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## Exercise: StatisticsNow that you've learned about subroutines, you should begin to see the benefits of encapsulating code in self-contained subroutines. They provide code that can be easily reused. In this exercise, three subs provide some analysis on groups of numbers. Just to refresh your memory from school, the mean, also called an arithmetic mean or average, of a set of numbers is simply the sum of all the numbers in the set divided by how many numbers there are in the set. The median is the number that would be in the middle if you were to sort the set numerically; with an even number of elements, the median is the average of the two numbers that would be in the middle. The standard deviation gives an idea of how "bunched" the numbers are around the mean. A high standard deviation that means the numbers are widely distributed; a small one means they're bunched tightly around the average. In many sets of numbers commonly found in nature, the mean, plus or minus the standard deviation, represents about 68 percent of the set of the numbers; plus or minus two standard deviations, 95 percent of the set of numbers. Here is a program that finds the mean, median, and standard deviation for a set of numbers that the user types at the keyboard. Using your text editor, type the program from Listing 8.1 and save it as When you're all done, try running the program by typing the following at a command line: ```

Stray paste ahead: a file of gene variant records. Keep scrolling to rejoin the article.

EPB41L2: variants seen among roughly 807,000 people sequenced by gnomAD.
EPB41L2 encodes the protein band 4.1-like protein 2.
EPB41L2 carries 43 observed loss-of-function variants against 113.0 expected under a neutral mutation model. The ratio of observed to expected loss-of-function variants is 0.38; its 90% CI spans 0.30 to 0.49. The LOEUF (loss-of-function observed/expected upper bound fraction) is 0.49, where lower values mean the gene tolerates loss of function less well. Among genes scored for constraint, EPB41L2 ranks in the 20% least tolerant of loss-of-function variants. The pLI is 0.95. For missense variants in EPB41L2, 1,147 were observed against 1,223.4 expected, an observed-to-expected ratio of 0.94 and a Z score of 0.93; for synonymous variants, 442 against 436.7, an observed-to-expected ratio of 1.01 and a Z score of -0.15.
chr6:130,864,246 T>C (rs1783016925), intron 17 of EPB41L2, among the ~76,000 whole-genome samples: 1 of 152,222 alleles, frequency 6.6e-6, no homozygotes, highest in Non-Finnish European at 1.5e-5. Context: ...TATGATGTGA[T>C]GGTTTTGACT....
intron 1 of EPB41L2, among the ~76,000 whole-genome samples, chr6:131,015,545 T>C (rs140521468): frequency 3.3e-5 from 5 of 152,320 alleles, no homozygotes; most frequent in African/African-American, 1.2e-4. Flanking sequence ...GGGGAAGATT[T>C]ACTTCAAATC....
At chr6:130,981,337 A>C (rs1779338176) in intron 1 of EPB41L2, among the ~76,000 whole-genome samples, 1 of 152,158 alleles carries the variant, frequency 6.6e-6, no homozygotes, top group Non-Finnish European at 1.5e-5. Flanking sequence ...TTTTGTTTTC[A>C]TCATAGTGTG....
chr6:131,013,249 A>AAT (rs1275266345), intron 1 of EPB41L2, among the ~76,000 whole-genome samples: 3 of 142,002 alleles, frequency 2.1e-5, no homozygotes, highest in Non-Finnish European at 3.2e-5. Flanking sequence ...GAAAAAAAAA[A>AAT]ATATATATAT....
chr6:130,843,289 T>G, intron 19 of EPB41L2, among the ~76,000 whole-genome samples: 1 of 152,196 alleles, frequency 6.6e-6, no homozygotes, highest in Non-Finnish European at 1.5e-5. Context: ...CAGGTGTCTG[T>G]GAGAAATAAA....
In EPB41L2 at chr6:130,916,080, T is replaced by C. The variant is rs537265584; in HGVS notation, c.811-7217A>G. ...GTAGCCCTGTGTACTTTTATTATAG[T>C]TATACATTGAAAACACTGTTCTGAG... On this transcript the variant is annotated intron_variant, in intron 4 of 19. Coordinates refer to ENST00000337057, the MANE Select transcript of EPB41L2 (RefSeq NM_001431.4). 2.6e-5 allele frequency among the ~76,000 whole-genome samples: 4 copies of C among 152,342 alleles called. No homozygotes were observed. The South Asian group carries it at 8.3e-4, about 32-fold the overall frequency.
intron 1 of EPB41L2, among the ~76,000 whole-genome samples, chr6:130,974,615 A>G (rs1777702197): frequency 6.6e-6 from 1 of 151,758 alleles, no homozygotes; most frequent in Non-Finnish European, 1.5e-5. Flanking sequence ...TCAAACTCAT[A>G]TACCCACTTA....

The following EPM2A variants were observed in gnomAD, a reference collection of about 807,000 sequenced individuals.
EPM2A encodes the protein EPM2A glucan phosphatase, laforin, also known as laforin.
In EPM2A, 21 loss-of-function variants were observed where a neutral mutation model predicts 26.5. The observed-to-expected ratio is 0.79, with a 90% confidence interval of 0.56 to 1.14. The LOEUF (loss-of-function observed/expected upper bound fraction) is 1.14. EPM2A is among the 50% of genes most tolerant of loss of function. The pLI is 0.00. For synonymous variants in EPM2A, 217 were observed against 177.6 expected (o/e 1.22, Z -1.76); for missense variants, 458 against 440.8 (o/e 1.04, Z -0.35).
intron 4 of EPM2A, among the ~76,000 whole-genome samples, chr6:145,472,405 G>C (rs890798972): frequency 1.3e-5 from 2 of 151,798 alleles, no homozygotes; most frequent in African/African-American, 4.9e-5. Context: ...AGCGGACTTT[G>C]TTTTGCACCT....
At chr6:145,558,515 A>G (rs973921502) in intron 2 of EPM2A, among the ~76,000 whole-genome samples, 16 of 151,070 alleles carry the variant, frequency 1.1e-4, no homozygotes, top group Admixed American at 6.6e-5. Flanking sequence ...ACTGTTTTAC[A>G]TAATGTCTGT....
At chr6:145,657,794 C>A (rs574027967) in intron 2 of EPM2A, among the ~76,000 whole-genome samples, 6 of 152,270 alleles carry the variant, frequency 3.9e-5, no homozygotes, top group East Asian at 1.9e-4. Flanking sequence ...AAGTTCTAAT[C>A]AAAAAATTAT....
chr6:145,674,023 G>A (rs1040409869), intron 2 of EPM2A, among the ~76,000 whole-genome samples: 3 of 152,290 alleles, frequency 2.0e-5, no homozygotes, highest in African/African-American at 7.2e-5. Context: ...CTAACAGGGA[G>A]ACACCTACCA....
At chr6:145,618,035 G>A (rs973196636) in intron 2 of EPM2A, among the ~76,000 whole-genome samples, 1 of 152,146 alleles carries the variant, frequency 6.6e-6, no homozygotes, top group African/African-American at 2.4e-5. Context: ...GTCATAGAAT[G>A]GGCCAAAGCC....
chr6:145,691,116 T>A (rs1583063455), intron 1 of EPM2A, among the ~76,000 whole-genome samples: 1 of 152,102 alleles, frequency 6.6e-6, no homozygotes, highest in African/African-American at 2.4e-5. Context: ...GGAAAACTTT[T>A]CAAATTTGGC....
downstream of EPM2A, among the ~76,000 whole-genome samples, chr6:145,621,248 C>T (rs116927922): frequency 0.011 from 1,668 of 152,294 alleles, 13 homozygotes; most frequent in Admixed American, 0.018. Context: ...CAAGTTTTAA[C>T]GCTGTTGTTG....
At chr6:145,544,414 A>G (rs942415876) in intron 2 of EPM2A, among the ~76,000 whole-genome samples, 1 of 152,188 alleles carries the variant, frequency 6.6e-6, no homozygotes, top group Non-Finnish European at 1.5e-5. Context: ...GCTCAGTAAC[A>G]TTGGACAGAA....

stats
``` or, if your system cannot make the program executable, ```
perl Stats
``` ## Listing 8.1. Complete Listing for Stats Program1: #!/usr/bin/perl -w 2: 3: use strict; 4: sub mean { 5: my(@data) = @_; 6: my $sum; 7: foreach(@data) { 8: $sum += $_; 9: } 10: return($sum / @data); 11: } 12: sub median { 13: my(@data)=sort { $a <=> $b} @_; 14: if (scalar(@data) % 2) { 15: return($data[@data / 2]); 16: } else { 17: my($upper, $lower); 18: $lower=$data[@data / 2]; 19: $upper=$data[@data / 2 - 1]; 20: return(mean($lower, $upper)); 21: } 22: } 23: sub std_dev { 24: my(@data)=@_; 25: my($sq_dev_sum, $avg)=(0,0); 26: 27: $avg = mean(@data); 28: foreach my $elem (@data) { 29: $sq_dev_sum += ($avg - $elem) **2; 30: } 31: return(sqrt($sq_dev_sum / ( @data - 1 ))); 32: } 33: my($data, @dataset); 34: print "Please enter data, separated by commas: "; 35: $data = <STDIN>; chomp $data; 36: @dataset = split(/[\s,]+/, $data); 37: 38: print "Median: ", median(@dataset), "\n"; 39: print "Mean: ", mean(@dataset), "\n"; 40: print "Standard Dev.: ", std_dev(@dataset), "\n";
Listing 8.2 shows a sample of the statistics program's output. ## Listing 8.2. Sample Output from Stats```
Please enter data, separated by commas: 14.5,6,8,9,10,34
Median: 9.5
Mean: 13.5833333333333
Standard Dev.: 10.3943093405318
``` |

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